A modified equity valuation model that yields the true maximum value.
Each voluntary purchase or sale of real estate is based on an investment value decision made by the parties to the transaction. Thus, the market is made up of transactions in which willing participants make investment decisions...Sellers are normally expected to accept a price that equals or exceeds their investment value, while buyers will pay a price that does not exceed their investment value.(1)
In another leading real estate textbook, authors Jaffe and Sirmans discuss the equity valuation model, a discounted cash flow technique that calculates the investment value of equity. This amount "represents the greatest amount that the specific investor is justified in paying to acquire the property rights of the investment."(2) This sentiment is echoed by Greer and Farrell, who wrote, "Investment value is the greatest amount an investor is justified in paying for an asset, given the anticipated after-tax cash flows the asset will generate and the investor's minimum acceptable rate of return."(3)
However, a problem that arises in attempting to find the maximum investment value is that depreciation (and therefore after-tax cash flow including after-tax equity reversion) is a function of the price or total value, but the price or value itself is a function of depreciation. This is a simultaneity problem.(4) As a result of it, the traditional investment value of equity model does not provide the correct maximum price an investor can pay and still earn the required (minimum) return since the model does not correctly account for the value of the depreciation tax savings.
This simultaneity problem can be addressed using a modified discounted cash flow model, which provides the true maximum value that a specific investor can invest and still earn the required return on equity.
TRADITIONAL EQUITY VALUATION MODEL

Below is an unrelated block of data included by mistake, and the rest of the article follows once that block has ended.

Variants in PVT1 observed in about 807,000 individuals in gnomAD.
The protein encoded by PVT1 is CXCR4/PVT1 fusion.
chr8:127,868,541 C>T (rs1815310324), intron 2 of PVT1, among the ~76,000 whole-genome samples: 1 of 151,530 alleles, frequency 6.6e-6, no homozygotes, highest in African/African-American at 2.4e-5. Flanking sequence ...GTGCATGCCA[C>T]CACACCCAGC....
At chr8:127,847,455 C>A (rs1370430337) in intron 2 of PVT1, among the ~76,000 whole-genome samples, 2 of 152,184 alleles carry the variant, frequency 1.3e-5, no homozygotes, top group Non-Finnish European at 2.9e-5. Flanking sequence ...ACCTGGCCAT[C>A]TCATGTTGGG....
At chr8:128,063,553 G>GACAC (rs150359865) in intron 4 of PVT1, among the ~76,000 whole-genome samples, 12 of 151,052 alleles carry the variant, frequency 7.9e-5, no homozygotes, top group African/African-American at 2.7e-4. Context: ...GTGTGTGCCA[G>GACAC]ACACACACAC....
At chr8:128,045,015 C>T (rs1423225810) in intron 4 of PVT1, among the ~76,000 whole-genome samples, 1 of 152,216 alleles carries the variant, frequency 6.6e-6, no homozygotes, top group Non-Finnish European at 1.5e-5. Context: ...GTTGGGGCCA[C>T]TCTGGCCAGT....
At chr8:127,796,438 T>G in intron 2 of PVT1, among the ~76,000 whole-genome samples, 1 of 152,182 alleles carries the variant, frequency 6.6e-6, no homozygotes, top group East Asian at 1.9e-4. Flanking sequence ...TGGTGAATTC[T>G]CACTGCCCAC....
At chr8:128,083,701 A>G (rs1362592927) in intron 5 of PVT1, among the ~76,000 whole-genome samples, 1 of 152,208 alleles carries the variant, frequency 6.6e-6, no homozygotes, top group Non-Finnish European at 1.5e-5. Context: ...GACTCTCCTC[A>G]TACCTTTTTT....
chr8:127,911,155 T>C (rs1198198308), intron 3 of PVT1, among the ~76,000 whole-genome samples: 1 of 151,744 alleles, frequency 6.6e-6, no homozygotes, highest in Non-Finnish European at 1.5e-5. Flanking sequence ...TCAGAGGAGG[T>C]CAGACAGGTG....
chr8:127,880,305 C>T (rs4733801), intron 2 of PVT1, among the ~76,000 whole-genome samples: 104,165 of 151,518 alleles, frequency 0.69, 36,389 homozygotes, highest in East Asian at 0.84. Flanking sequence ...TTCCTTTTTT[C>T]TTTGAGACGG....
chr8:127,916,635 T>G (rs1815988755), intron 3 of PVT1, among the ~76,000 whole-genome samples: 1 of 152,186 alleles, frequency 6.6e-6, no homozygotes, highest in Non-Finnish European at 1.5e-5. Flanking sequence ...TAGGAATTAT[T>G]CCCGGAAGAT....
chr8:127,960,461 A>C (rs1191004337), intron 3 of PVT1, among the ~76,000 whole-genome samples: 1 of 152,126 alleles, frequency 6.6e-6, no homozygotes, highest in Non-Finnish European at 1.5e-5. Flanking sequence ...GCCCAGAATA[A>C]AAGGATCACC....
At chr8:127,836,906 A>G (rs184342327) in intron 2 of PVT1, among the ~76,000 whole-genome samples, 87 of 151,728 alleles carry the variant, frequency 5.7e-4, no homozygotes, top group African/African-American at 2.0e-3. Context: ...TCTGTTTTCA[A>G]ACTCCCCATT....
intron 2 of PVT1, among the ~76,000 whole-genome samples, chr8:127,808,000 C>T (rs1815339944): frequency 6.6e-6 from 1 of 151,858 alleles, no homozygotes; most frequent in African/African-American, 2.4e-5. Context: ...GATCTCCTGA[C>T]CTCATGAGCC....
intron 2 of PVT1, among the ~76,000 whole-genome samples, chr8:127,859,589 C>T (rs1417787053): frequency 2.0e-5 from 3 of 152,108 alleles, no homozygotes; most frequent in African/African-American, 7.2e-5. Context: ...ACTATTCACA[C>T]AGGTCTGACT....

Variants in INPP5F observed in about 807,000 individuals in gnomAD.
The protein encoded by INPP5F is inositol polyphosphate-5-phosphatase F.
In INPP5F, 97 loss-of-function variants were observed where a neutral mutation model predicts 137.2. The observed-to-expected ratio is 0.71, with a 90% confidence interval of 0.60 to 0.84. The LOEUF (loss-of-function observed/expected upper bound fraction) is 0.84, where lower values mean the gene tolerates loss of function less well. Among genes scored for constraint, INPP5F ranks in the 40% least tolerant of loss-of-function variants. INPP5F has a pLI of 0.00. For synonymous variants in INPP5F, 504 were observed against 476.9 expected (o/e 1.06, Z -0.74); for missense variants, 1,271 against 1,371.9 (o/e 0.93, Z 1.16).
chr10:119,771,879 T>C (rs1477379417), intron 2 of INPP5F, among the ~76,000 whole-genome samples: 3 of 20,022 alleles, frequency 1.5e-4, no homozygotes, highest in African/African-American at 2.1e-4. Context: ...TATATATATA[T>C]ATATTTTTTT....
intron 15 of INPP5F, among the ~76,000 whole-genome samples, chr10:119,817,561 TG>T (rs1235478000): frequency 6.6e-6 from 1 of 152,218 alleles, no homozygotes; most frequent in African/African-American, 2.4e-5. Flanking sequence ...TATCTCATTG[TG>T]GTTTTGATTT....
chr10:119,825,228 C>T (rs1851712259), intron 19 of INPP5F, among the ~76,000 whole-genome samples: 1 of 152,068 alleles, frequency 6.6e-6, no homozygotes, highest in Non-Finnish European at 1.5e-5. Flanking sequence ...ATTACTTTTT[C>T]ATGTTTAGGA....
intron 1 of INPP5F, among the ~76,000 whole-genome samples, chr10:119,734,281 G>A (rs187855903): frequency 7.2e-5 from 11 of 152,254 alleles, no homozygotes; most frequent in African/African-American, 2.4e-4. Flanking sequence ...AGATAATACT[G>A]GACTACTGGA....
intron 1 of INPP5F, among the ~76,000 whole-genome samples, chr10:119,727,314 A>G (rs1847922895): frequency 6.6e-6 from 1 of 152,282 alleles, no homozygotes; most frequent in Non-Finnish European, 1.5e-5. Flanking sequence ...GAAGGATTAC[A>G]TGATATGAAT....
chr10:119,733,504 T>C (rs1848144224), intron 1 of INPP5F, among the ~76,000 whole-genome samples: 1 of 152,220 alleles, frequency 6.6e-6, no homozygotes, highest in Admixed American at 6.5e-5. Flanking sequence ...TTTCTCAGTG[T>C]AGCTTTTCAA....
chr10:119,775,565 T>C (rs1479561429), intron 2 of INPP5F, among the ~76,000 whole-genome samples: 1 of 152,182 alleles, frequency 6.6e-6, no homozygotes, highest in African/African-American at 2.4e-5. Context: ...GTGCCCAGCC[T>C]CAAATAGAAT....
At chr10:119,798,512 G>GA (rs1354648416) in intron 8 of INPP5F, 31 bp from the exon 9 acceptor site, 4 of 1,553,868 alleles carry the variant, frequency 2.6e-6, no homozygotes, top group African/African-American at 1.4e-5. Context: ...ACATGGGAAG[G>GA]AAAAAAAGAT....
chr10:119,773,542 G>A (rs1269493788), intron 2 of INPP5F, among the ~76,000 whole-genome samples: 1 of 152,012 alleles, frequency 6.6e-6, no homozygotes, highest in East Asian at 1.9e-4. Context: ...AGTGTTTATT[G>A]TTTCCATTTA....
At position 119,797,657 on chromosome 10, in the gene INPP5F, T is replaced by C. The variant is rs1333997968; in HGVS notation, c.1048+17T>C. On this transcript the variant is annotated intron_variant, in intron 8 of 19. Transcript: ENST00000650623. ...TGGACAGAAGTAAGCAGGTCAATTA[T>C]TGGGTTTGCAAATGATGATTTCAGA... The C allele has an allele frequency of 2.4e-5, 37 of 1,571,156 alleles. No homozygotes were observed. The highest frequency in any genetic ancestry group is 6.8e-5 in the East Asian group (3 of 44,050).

The equity valuation model is traditionally used to measure the investment value of equity (E), the net present value of equity ([NPV.sub.e]), and/or the internal rate of return ([IRR.sub.e]) on equity. In addition, by adding the amount of mortgage debt (MD) to the investment value of equity, the model can also be used to measure the investment value of the total capital or total investment value ([V.sub.O]). That is:
[V.sub.O] = E + MD (1)
This total investment value represents the maximum purchase price and is
therefore of particular importance in this paper. Formally, the investment value of equity (E) is defined as:(5)
E = [summation of] [ATCF.sub.t]/[(1 + [k.sub.e]).sup.t] + [ATER.sub.n]/[(1 + [k.sub.e]).sup.n] where t = 1 to n (2)
[ATCF.sub.t] = After-tax cash flow in period t
[ATER.sub.n] = After-tax equity reversion in period n
n = Expected holding period
[k.sub.e] = Required rate of return on equity
By substituting equation 2 into equation 1, the following is obtained:
[V.sub.O] = [summation of] [ATCF.sub.t]/[(1 + [k.sub.e]).sup.t] + [ATER.sub.n]/[(1 + [k.sub.e]).sup.n] + MD where t = 1 to n (3)
The net present value of equity, however, is defined as the difference between the investment value of equity and the required equity outlay. Equation 4 formalizes this relationship:
[NPV.sub.t] = E - (MV - MD)
= E + MD-MV
= [V.sub.O] - MV (4)
MV = Current market value of the property
The wealth-maximizing investor should invest in a property if NPV is positive,(6) that is, if E + MD [greater than] MV or [V.sub.O] [greater than] MV or E [greater than] MV - MD. E would normally represent the greatest amount that the specific investor is justified in paying (in equity) to acquire the property rights of the investment. E plus the given MD would then represent the maximum price for the property. However, E (and therefore [V.sub.O] = E + MD) as calculated does not represent the maximum value because it is based on the investor purchasing the property at the asking price (MV). It does not reflect the simultaneity between depreciation and value.
SIMULTANEITY OF CASH FLOW AND VALUE
The traditional model values two major components of equity value: the periodic after-tax cash flows and the one-time after-tax equity reversion. After-tax cash flow (ATCF) is defined as net operating income less debt service and tax payments, as shown in equation 5:
[ATCF.sub.t] = [NOI.sub.t] - [DS.sub.t] - [T.sub.t] (5)
[ATCF.sub.t] = After-tax cash flow in period t
[NOI.sub.t] = Net operating income in period t
[DS.sub.t] = Debt service in period t
[T.sub.t] = Income tax liability in period t
Debt service constitutes interest expense and principal amortization:
[DS.sub.t] = [I.sub.t] + [A.sub.t] (6)
[I.sub.t] = Interest expense in period t
[A.sub.t] = Principal amortization in period t